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The three (wrong) reasons why you want to motivate your employees in the face of uncertainty

We live in a world marked by uncertainty and punctuated by major surprises that call into question many of our beliefs. This questioning can be very anxiety-provoking as it seems that we can no longer rely on anything stable to move forward in life. This is particularly true in companies: the situation can go as far as a form of paralysis, caused by the feeling that whatever we undertake, an unforeseen event will call everything into question. This can lead to a loss of motivation. And yet, there is no reason why uncertainty should be demotivating.

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It’s the economy, stupid! Europe’s strategic dilemma after Ukraine

[Version in French here]

The invasion of Ukraine is a rude awakening for a Europe that had been asleep for many years in a naive idealism. If the response to the invasion was quick, Europe remains very weak. Beyond the next few weeks, its strategy must involve a profound change of mental model for its economic development.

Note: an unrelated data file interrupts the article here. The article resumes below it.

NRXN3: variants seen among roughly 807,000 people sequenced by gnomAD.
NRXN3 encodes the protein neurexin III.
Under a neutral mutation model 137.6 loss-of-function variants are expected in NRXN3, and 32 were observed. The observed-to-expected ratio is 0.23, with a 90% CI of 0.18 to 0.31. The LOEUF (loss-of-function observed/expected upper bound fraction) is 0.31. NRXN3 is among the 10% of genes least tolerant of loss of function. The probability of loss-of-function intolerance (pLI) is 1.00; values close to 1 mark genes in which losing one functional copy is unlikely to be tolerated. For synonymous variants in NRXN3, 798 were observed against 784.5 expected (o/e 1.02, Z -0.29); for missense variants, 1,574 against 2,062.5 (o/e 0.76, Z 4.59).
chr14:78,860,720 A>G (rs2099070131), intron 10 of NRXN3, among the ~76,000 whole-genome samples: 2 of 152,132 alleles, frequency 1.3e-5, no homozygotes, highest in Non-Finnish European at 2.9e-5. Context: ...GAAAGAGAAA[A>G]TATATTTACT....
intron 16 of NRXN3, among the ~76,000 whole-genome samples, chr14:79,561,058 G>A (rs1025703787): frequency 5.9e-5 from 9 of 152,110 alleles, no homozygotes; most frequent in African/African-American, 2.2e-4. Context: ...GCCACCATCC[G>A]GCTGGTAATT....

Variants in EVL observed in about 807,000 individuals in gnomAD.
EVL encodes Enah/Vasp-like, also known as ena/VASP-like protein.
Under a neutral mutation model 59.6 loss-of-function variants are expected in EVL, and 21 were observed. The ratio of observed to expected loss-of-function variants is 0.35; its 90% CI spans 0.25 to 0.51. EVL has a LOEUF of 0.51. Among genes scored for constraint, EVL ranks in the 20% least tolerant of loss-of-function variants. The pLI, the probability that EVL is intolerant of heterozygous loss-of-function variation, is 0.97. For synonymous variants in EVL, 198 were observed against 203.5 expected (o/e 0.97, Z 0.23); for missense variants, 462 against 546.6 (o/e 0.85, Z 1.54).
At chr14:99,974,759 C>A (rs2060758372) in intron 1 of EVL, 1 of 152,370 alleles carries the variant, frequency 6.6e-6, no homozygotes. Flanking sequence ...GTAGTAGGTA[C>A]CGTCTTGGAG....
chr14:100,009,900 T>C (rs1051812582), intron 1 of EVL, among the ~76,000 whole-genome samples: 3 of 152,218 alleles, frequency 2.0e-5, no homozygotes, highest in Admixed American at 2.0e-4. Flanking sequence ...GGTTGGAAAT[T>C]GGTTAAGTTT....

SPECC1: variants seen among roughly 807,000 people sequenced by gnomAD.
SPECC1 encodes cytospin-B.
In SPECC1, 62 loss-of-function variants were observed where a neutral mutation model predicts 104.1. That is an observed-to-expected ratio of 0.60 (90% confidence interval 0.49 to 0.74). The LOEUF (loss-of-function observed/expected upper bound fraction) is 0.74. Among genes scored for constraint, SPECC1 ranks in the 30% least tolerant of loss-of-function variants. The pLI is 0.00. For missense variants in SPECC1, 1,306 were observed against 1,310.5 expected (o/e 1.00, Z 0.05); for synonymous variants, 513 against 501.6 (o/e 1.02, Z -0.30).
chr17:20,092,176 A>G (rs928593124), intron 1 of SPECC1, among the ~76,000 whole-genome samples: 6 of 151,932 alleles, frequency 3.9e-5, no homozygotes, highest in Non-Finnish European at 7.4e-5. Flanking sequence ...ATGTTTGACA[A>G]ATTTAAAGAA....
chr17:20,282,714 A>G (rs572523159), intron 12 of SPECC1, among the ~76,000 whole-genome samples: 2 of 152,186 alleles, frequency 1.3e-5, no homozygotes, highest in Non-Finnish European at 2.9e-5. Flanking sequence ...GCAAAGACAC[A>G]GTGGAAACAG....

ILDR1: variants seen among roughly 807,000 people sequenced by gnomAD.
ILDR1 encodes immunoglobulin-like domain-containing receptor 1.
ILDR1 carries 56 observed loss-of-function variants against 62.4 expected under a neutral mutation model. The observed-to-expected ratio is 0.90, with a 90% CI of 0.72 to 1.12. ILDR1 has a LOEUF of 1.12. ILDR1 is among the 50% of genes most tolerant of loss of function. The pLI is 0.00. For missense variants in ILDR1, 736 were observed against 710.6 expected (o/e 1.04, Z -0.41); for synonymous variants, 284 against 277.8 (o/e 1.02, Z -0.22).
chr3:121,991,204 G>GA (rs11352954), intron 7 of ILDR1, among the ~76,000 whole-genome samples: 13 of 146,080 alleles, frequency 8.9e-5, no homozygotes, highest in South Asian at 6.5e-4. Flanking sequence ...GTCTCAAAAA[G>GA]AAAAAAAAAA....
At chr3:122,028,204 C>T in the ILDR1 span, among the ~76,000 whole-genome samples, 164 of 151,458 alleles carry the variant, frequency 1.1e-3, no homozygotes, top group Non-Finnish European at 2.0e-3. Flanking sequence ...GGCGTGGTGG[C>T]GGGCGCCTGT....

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Putin, Ukraine and the paradox of strategy

[Version in French]

Strategy is a complex art governed by a paradoxical logic where failure can lead to success and vice versa. The Russian attack on Ukraine offers a good illustration of this nature.

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What A Dead Economist Can Tell Us about Risk, Uncertainty, Profit… and Ourselves